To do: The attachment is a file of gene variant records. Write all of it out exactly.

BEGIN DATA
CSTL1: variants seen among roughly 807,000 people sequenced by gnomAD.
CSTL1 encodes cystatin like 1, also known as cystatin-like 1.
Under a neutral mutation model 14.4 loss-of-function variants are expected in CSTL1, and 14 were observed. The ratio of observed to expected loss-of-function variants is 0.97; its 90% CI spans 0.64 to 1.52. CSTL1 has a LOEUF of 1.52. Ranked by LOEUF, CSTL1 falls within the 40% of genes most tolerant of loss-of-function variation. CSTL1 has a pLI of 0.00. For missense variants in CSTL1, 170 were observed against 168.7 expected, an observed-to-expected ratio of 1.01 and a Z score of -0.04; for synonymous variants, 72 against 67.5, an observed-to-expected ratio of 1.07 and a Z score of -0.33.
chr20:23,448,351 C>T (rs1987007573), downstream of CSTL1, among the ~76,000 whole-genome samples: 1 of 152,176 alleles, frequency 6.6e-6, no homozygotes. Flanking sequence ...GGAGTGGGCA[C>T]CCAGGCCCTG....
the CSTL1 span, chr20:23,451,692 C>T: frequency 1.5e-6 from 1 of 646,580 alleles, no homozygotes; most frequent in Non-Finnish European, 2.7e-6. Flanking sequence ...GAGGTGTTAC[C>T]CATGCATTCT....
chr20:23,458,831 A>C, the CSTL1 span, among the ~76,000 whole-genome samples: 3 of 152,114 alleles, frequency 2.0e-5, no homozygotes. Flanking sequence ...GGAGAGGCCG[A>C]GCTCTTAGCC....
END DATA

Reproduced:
CSTL1: variants seen among roughly 807,000 people sequenced by gnomAD.
CSTL1 encodes cystatin like 1, also known as cystatin-like 1.
Under a neutral mutation model 14.4 loss-of-function variants are expected in CSTL1, and 14 were observed. The ratio of observed to expected loss-of-function variants is 0.97; its 90% CI spans 0.64 to 1.52. CSTL1 has a LOEUF of 1.52. Ranked by LOEUF, CSTL1 falls within the 40% of genes most tolerant of loss-of-function variation. CSTL1 has a pLI of 0.00. For missense variants in CSTL1, 170 were observed against 168.7 expected, an observed-to-expected ratio of 1.01 and a Z score of -0.04; for synonymous variants, 72 against 67.5, an observed-to-expected ratio of 1.07 and a Z score of -0.33.
chr20:23,448,351 C>T (rs1987007573), downstream of CSTL1, among the ~76,000 whole-genome samples: 1 of 152,176 alleles, frequency 6.6e-6, no homozygotes. Flanking sequence ...GGAGTGGGCA[C>T]CCAGGCCCTG....
the CSTL1 span, chr20:23,451,692 C>T: frequency 1.5e-6 from 1 of 646,580 alleles, no homozygotes; most frequent in Non-Finnish European, 2.7e-6. Flanking sequence ...GAGGTGTTAC[C>T]CATGCATTCT....
chr20:23,458,831 A>C, the CSTL1 span, among the ~76,000 whole-genome samples: 3 of 152,114 alleles, frequency 2.0e-5, no homozygotes. Flanking sequence ...GGAGAGGCCG[A>C]GCTCTTAGCC....